LEWISTON — McMahon Elementary School parents Wednesday night blasted a plan to disperse poorer and English-learning students throughout the city’s six elementary schools next fall.

Several in the audience of about 100 asked that the proposal be shelved.

Some, in angry tones, demanded a redistricting committee be reconfigured to include McMahon school parents, and more be done to inform parents.

Others suggested alternative plans.

Superintendent Bill Webster announced a proposal to the School Committee late last year to send about 8 percent of elementary school students — an estimated 234 out of 3,036 — to different schools next year. Fourth-through-sixth-grade students and their siblings would be allowed to stay at their schools, so the number would likely be less than 234.

On Wednesday he unveiled an alternative, which he said came from parents. It would expand the McMahon school district’s borders, grabbing more students who live in the Randall and Pond road area. That would increase McMahon’s student population, and fill 10 new classrooms this fall. But it would keep the school’s English Language Learners population the same at 15 percent.

It would scrap the redistricting committee’s idea of moving downtown students to outer-city schools to provide a more even distribution of ELL students.

Webster’s alternative proposal pleased some in the McMahon audience. “That makes more sense,” said McMahon grandparent June Chartier. Others agreed.

McMahon School PTO President Jodi Wolverton praised the alternative, while other parents questioned what chance it had of being adopted.

But Montello parent Rachel Dymkoski was upset by the proposal and said it would further burden her school by giving it a 40 percent ELL population instead of the current 37 percent, or the 24 percent as proposed by the redistricting committee.

“The new proposal is outrageous,” Dymkoski said. “Their whole purpose of redistricting is to help take the burden off Montello. It does the exact opposite.”

The alternative plan would bus her children from Montello to McMahon.

“Why is my child good enough to come to your school, but a Knox Street child isn’t good enough to come to your school?”

Webster explained there’s a big difference in elementary schools as far as the percentages of ELL populations. Farwell has a 5 percent ELL population, McMahon 15 percent, Montello 37 percent and Longley 61 percent.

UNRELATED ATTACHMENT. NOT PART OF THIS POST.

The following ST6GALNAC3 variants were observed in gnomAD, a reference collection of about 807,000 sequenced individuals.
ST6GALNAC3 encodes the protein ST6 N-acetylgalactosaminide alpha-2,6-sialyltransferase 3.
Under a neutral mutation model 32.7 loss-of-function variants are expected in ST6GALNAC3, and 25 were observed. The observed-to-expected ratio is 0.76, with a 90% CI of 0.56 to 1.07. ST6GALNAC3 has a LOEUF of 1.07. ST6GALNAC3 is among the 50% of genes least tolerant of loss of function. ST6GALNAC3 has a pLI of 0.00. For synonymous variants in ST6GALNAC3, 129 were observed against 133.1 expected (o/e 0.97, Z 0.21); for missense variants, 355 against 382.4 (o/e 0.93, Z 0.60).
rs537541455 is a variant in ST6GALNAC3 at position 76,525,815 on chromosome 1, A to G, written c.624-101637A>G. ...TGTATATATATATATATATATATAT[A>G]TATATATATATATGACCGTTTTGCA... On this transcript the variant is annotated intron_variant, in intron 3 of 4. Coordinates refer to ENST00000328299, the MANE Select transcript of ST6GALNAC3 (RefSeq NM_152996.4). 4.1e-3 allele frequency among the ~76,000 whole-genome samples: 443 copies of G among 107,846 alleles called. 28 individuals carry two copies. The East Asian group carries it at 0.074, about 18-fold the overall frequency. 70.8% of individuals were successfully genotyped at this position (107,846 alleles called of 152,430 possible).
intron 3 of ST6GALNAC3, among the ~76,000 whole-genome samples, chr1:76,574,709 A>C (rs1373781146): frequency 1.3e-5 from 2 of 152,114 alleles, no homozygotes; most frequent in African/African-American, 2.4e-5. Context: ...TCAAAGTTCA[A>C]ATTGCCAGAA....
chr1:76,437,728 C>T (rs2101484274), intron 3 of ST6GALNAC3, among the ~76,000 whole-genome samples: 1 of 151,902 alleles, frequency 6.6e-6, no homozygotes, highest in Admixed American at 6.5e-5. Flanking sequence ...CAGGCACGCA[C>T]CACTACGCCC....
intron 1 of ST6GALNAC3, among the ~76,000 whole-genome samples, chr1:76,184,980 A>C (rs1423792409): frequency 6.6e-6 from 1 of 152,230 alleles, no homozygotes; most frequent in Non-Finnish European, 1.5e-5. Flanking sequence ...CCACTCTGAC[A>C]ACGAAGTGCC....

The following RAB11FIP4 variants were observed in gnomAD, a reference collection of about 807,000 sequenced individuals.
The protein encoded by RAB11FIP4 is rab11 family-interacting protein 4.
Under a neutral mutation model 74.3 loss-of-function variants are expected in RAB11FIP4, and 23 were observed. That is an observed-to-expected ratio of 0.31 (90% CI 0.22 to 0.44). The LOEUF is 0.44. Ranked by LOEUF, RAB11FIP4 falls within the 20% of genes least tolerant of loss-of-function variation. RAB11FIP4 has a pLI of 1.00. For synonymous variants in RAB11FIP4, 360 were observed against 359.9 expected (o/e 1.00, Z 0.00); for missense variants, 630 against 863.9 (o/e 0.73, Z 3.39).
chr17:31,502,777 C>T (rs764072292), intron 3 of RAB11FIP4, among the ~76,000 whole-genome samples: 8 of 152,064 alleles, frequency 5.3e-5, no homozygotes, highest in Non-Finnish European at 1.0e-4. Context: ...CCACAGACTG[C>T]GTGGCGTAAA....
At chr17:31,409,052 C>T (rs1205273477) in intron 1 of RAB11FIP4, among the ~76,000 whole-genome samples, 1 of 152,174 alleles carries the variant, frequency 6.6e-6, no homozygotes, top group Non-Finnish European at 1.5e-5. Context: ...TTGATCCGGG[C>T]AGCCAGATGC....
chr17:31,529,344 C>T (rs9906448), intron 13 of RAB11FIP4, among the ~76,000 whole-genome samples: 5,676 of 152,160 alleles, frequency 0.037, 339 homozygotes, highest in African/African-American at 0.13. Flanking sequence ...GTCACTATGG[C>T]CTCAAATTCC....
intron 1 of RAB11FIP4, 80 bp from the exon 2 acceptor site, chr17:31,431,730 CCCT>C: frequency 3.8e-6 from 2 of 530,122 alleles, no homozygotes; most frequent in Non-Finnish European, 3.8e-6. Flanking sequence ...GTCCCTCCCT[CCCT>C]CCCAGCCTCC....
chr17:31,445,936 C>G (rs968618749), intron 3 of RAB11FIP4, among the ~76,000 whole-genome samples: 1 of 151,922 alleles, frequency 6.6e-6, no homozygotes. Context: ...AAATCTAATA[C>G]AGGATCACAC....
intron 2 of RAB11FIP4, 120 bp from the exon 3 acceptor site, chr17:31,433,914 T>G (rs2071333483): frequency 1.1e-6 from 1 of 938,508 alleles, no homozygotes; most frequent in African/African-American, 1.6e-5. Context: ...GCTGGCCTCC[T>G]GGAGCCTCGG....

Creating a more diversified student population would benefit all students, Webster said, saying research shows all would get a better education. And, he added, Lewiston’s ELL students are doing well academically.

Some parents weren’t convinced. They asked Webster if ELL students are doing well, why move them?

Wolverton said McMahon already has 52 percent of students getting free and reduced-price lunches and 15 percent learning English. “You are not busing in students to a completely white school. We are diverse.”

What’s not clear, she said, “is what additional diversity will do, other than drain already very limited resources.”

One father said the Somali immigrant parents are devastated by the redistricting proposal.

“What are you going to tell these people? We’re shipping your kids because they don’t speak English well?’”

The effort to diversify schools has divided the community, he added, and McMahon school is now looked at “as the big bad enemy and it shouldn’t be like that.”

Webster said community groups he has spoken to favor the redistricting plan. Responding to Wolverton, he said the plan would reduce class sizes in elementary schools. At McMahon, average class sizes would shrink from 24.5 to 21.

As far as special need students, the resources will follow students, Webster said.

Reacting to parents who worry more ELL students would harm McMahon’s students, Webster said diversity can help all, if the balance is right.

The redistricting committee will meet with the Lewiston School Committee on Feb. 11 at Lewiston High School. The School Committee is scheduled to vote on the plan Feb. 25.

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